Wooden RMS Titanic Model Cruise Ship 14""
Wooden RMS Titanic Model Cruise Ship 14""
Wooden RMS Titanic Model Cruise Ship 14""
Wooden RMS Titanic Model Cruise Ship 14""
Wooden RMS Titanic Model Cruise Ship 14""
Wooden RMS Titanic Model Cruise Ship 14""

Wooden RMS Titanic Model Cruise Ship 14""

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Wooden RMS Titanic Model Cruise Ship 14""

Product ID: 648 Item ID: A1705 Weight: 1 LB  Dimensions: 14" x 2.5" x 6.5" (L x W x H)


“ INTERNATIONAL ORDERS. Shipping costs for all International orders are estimated. We charge a minimum of $60.00 for international orders and we will send you a quote upon receiving your order if the cost is higher. In the event that the shipping costs are higher we will additionally invoice you once you have approved the quote. We are NOT responsible for any additional fees that may be incurred by Customs at destination. We urge you to check with your local postal service in your respective country. In the event you do not claim your merchandise and it is returned you will be responsible for the shipping costs and restocking fees and any additional fees incurred while the merchandise gets returned. Please do provide us with a good phone number when you place your order in order to include it in the shipping documents.

This adorable model cruise ship is inspired by history’s most famous ocean liner, the RMS Titanic. Ideally sized to rest upon any shelf or desk, this fun and historic cruise ship model will add a touch of nautical history and maritime luxury to the décor of any room.

14" Long x 2.5" Wide x 6.5" High (1:750 scale)

Arrives fully assembled with all rigging taut
Built from scratch by our master artisans
Built from high quality woods
Detailed features include:
Rigging and stay-lines on all masts and smokestacks
Accurately hand-painted to match the real RMS Titanic
Deckhouses, cranes and lifeboats adorn the deck
Railing on superstructure and rims on all smokestacks
Thread railing on forecastle, aftcastle and atop superstructure
Titanic name on the bow
Flies the 3 flags of the actual Titanic
Two anchors at the bow and metal propeller astern

At the dawn of the 20th century, a time of great prosperity and industrial advancement known as the Gilded Age, sea travel began a transformation that would take it from an undesirable yet necessary mode of transportation to that of a luxurious and much sought after experience. At the forefront of such nautical achievement the Cunard Lines and White Star Lines sought to create the largest and most grandiose vessels the world had ever seen. Beginning in 1909 the RMS Titanic would soon come to be known as the finest ship at sea, bedecked in true finery and style and dubbed unsinkable, and soon after that would become the focus of the most well known shipwreck in history. Though short lived, this fabulous ship emerged as the largest passenger steamship in the world, carrying the wealthy, elite, and famous across the Atlantic, as well as standing as a symbol of hope for the many European passengers looking to begin life anew when they reached the United States. Both a legend and a tragedy, a shining example of man's ingenuity as well as a warning against unchecked pride, the RMS Titanic will live on forever in the annals of history.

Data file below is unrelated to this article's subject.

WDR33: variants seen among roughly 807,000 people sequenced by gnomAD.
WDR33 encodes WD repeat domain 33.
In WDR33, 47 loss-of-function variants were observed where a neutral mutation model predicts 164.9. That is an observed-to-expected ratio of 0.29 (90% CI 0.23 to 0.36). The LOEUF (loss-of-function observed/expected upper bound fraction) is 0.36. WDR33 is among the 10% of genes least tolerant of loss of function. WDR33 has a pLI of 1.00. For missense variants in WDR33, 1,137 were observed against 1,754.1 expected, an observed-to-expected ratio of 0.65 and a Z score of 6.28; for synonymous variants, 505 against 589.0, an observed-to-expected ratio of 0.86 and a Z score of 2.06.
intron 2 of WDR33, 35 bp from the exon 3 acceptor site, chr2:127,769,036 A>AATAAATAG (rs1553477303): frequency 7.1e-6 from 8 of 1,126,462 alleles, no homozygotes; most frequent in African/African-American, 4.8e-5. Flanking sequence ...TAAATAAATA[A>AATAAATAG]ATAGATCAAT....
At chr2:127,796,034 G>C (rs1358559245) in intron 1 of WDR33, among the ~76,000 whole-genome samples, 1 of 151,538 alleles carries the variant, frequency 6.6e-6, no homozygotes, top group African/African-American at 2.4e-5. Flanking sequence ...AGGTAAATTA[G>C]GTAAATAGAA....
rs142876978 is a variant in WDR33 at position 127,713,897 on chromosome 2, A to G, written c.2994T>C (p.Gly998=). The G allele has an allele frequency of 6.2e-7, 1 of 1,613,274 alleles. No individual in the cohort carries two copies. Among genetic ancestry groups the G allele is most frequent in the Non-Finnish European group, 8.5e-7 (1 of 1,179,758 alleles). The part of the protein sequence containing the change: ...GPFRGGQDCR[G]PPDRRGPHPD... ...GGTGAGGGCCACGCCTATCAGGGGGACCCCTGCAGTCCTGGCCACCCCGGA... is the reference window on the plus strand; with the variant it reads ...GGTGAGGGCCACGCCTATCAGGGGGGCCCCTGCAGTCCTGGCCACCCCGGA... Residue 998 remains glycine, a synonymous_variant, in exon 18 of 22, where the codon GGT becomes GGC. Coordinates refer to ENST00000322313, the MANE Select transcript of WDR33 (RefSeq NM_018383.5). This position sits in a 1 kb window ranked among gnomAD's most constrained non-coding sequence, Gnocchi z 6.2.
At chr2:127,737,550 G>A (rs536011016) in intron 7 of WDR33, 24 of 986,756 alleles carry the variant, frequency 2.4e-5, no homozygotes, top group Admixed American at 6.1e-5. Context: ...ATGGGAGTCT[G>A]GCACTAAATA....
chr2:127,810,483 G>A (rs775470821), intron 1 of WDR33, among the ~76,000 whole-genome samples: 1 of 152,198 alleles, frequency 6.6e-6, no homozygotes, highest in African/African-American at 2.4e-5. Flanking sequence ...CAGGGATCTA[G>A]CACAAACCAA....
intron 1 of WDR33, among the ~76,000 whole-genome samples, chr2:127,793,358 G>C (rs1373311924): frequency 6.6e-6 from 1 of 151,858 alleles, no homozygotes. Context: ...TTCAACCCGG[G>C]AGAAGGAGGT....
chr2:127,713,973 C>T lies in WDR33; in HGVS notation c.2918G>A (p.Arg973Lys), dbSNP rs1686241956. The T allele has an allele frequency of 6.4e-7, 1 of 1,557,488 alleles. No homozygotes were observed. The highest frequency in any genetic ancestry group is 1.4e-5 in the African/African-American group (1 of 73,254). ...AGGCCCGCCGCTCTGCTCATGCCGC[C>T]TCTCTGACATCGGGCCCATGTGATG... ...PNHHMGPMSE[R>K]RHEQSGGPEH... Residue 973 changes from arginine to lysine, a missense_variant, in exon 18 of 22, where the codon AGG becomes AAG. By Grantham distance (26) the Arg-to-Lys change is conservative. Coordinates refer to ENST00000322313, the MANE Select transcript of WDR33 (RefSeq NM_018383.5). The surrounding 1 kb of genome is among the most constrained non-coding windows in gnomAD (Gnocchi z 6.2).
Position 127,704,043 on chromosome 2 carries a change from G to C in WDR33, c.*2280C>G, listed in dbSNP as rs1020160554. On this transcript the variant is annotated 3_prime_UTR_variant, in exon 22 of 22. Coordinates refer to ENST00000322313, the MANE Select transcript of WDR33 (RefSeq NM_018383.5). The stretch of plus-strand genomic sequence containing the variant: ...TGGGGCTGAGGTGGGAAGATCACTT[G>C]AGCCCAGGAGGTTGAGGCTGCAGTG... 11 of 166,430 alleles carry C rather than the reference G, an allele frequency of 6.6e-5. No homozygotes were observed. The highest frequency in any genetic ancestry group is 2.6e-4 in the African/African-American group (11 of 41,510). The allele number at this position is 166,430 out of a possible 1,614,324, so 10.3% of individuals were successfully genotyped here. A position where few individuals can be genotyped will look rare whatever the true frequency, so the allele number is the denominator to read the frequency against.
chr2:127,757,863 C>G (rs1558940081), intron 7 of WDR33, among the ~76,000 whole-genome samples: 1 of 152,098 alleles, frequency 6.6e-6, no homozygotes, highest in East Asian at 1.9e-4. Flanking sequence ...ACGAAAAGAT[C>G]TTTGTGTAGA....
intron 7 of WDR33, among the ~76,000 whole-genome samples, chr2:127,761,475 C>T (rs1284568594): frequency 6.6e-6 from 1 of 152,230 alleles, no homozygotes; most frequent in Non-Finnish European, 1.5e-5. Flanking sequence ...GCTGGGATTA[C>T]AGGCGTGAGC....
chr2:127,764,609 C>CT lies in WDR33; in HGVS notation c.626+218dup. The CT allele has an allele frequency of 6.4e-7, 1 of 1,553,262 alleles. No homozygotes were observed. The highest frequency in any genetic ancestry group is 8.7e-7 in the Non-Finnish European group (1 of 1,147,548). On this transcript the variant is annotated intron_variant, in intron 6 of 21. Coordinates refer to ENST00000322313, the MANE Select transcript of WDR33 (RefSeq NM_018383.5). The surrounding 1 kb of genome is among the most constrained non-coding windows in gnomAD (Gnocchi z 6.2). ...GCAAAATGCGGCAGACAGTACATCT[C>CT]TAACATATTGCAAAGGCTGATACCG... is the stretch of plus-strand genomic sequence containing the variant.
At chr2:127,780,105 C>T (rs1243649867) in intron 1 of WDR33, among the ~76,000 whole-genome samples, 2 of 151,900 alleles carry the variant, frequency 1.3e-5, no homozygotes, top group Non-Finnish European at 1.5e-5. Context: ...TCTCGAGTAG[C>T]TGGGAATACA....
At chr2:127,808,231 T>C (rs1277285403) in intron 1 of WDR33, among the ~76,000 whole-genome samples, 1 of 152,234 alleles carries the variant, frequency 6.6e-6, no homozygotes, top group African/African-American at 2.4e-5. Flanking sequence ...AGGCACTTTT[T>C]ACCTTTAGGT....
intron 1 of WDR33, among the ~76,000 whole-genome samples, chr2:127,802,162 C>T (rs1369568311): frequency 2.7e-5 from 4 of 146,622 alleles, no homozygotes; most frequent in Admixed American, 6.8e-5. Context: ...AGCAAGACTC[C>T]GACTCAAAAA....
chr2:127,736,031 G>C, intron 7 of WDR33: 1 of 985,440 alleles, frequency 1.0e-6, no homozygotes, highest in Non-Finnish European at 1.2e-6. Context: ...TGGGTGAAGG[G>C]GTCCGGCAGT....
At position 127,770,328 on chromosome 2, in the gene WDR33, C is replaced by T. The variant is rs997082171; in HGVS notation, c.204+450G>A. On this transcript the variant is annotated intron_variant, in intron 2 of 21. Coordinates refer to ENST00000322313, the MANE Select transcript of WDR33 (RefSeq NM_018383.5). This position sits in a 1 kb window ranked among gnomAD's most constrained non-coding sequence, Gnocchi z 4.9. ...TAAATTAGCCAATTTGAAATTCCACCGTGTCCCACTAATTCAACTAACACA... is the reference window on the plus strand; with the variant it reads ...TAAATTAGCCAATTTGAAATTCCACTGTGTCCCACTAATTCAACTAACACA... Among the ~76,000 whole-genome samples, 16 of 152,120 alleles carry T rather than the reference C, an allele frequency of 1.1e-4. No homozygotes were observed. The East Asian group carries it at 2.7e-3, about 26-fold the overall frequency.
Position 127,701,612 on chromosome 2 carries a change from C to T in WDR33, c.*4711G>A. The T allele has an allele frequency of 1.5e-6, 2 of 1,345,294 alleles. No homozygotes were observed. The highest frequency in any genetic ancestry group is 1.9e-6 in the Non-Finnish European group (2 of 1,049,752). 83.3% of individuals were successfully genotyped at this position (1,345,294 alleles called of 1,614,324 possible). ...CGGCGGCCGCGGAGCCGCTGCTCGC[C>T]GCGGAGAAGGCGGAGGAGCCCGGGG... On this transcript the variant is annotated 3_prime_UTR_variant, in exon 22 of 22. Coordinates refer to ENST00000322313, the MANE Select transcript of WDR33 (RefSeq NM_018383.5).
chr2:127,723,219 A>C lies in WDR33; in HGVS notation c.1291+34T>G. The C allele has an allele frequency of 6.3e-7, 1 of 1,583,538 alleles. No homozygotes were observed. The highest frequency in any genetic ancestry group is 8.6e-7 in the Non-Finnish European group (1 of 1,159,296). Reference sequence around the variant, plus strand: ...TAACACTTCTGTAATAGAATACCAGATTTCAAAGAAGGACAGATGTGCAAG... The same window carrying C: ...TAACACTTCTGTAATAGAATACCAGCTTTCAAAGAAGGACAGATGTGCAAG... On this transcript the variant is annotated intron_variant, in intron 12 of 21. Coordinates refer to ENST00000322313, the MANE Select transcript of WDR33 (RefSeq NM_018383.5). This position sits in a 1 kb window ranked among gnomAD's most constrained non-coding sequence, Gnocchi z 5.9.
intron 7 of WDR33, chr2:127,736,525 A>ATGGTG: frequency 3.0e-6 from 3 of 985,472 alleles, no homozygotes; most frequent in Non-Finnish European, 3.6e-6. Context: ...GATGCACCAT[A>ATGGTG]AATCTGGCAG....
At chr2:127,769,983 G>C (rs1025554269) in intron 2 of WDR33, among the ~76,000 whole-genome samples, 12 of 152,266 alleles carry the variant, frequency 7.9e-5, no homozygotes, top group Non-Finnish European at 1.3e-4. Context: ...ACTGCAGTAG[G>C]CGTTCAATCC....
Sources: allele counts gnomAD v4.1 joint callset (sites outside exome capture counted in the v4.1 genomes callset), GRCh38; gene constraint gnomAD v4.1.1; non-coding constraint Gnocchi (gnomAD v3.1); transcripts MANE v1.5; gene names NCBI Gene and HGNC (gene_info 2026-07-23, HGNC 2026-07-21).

Designed to compete with Cunard's massive ocean liners the Lusitania and the Mauretania, White Star Lines sought to create a ship of such stature that she would forever be known as the grandest ship at sea. Funded by J.P. Morgan for an estimated $7.5 million, the approximate equivalent of $170 million today, design and construction of the ship begin in earnest during the first decade of the 1900s. Renowned ship builder Thomas Andrews Jr., of Harland and Wolff Shipyards and the Institute of Naval Architects, began drafting the plans for the Titanic and her sister ship Olympic in 1907. With the aid of shipbuilder William Pirrie and general manager Alexander Carlisle, the plans for the Titanic were complete and her hull readied to be laid down for construction just two years later. By September of 1908 the plans had been approved and the ship formally ordered, and on March 31, 1909 her hull was finally laid and her destiny in sight.